Emmet Hoey, from Letterkenny, was part of a search and rescue team who saved kayaker George Sanderson five miles out to sea after his vessel started taking on water.
The incident at the weekend was just a few miles from where a great white shark took a bite out of a fisherman’s boat.
Mr Sanderson, 50, of Paso Robles, rushed to Sierra Vista Regional Medical Center in San Luis Obispo. He was in a critical condition at the time but his condition has since improved.
Sanderson’s kayak took on water about five miles south of San Simeon Beach, perhaps because of an improperly secured drain plug, according to Richard Stacy of the North Coast Ocean Rescue Team, which pulled the man from the water Sunday.
Sanderson was “wearing a life jacket but was not wearing a wet suit,” Stacy said. Sanderson was breathing, volunteer diver-rescuers told Stacy, but the patient’s pulse was so weak it couldn’t be detected without equipment.
Sanderson’s survival is “due to the quick response of the Cal Fire and North Coast Ocean Rescue personnel and boats,” Stacy said.
Cal Fire’s reconnaissance plane also was there, as was a battalion chief, according to a spokesman, and the agency’s urban search and rescue team was activated. Coast Guard, Hearst Castle Fire and the Sheriff’s Office also participated in the rescue.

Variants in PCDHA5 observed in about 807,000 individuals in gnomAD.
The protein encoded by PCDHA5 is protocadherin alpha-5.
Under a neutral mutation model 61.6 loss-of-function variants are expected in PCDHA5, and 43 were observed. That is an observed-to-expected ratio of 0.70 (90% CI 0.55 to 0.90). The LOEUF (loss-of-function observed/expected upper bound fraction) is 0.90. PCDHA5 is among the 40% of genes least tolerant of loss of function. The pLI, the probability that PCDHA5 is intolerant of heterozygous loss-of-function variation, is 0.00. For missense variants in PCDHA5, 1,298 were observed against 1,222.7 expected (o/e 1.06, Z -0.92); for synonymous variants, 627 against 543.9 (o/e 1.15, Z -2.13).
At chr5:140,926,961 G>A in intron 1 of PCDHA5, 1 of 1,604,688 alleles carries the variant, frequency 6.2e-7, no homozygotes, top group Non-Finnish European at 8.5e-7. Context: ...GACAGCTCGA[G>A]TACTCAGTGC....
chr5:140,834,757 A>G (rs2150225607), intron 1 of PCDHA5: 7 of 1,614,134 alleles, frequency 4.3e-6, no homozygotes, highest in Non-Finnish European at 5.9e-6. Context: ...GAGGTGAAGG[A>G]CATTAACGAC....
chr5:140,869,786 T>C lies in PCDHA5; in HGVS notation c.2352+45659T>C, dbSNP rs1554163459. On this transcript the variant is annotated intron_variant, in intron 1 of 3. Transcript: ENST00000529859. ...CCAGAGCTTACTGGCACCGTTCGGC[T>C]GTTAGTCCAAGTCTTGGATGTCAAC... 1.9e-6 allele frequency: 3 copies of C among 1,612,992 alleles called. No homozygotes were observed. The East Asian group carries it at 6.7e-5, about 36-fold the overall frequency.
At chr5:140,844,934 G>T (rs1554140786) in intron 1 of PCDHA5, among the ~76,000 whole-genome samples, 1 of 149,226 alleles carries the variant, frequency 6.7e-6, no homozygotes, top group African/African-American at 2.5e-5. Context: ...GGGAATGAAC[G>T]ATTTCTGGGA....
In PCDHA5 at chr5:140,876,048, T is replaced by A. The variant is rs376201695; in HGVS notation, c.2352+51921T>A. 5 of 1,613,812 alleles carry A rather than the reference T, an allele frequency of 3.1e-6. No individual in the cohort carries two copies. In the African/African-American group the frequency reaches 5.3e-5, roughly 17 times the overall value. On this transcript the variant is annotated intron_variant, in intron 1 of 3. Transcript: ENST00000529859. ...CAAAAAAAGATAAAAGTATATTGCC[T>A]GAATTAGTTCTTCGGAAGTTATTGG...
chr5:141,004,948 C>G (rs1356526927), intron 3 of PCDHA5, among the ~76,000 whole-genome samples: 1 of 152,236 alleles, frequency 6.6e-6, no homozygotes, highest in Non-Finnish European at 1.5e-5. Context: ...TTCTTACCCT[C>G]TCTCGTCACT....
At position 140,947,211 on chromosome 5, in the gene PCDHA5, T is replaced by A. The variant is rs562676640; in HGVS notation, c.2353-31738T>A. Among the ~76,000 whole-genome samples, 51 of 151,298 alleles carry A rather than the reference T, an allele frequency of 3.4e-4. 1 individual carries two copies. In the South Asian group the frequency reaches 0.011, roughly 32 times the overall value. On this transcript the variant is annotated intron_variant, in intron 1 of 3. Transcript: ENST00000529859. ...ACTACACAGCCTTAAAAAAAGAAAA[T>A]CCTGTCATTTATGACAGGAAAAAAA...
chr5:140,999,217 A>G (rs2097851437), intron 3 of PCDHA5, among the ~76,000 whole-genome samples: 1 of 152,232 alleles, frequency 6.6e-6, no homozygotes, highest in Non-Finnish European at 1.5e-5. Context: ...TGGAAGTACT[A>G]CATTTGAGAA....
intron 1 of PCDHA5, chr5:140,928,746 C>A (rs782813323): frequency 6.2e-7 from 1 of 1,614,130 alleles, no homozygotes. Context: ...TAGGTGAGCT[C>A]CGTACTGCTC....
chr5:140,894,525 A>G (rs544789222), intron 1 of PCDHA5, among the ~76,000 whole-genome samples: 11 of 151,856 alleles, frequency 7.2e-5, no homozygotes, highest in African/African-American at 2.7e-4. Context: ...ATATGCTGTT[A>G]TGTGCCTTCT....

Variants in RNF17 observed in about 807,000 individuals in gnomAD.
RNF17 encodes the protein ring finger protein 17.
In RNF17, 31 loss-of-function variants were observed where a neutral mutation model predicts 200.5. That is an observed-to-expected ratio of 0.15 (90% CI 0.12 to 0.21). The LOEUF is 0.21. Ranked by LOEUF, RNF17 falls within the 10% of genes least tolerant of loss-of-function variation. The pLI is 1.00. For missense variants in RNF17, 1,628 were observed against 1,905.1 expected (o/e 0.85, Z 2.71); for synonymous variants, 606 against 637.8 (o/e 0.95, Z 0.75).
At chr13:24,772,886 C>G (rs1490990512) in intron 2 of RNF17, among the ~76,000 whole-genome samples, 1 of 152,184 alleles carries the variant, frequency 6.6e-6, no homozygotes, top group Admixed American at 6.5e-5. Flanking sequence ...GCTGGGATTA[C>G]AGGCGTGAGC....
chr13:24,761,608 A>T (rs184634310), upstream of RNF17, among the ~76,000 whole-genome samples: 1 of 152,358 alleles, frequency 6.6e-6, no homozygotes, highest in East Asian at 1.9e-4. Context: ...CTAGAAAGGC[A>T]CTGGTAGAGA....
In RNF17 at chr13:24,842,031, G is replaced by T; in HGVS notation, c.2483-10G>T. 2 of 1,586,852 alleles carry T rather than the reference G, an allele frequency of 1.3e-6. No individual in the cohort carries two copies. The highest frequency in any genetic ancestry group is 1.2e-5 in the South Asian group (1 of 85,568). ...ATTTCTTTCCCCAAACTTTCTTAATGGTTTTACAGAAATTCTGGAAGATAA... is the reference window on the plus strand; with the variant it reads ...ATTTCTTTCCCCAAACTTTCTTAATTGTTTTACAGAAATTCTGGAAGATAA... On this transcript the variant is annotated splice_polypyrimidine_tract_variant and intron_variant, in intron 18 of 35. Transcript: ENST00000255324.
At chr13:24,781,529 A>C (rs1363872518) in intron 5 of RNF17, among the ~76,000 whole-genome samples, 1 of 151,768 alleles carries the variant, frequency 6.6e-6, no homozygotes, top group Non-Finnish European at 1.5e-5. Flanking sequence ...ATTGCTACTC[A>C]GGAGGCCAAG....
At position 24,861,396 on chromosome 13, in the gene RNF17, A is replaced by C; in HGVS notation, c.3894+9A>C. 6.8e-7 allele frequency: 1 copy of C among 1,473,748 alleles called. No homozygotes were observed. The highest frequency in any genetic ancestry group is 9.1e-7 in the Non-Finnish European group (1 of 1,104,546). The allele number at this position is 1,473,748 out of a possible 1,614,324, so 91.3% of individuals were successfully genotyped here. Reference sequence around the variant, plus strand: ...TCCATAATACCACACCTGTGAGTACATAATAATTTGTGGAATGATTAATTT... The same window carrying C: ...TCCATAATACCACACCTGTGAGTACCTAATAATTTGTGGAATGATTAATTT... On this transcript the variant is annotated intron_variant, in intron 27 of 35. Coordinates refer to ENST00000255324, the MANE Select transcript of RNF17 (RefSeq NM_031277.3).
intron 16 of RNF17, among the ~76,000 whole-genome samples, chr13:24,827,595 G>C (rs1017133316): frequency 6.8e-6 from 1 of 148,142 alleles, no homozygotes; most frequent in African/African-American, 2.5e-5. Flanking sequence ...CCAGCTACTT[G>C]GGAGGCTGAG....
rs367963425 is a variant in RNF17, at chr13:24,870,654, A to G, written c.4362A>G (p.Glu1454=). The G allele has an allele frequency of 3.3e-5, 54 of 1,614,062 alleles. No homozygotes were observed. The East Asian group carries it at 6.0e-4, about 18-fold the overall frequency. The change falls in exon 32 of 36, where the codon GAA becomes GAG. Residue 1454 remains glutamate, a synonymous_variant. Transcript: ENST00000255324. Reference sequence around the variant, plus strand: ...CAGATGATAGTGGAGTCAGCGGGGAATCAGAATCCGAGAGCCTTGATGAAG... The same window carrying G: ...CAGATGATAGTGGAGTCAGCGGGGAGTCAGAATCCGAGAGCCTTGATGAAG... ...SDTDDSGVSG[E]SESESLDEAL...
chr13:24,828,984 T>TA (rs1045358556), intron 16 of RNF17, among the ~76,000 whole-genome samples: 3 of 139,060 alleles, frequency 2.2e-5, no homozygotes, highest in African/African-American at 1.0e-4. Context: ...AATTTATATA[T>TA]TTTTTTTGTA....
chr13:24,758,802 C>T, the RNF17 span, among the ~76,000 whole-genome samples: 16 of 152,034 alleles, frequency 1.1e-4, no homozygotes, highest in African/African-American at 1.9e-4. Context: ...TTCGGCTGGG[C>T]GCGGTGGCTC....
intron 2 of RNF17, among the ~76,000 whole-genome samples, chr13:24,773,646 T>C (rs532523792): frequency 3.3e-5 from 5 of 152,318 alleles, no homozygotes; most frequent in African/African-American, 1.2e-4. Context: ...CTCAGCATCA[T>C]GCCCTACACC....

The incident came 24 hours after Joey Nocchi, 30, from the same town of Paso Robles, survived having his boat flipped by a great white shark.
He said: “I got hit from underneath and started coming up out of the water. My buddies said I came out of the water 4 to 5 feet — it flipped me over the side. The shark rolled the whole kayak over, rolled me out of it, and he went over the top of it. He swam across me — his tail touched me.”
His pals say the shark was 12 feet to 14 feet long.
Nocchi’s buddies told him “the shark came all the way out of the water, jaws open, extra eyelids closed like they do when they’re making a kill strike.
Nocchi said added: “I did, and I got back to shore as fast as I could, even though the kayak was taking on a bunch of water from the bite. The bite looks to be around 20 inches long, more than 22 inches wide.”
Nocchi said he was glad he did not fish alone, and added he’d likely stay out of the ocean for a while. “I’ll be bass fishing for a while…..probably from the shore.”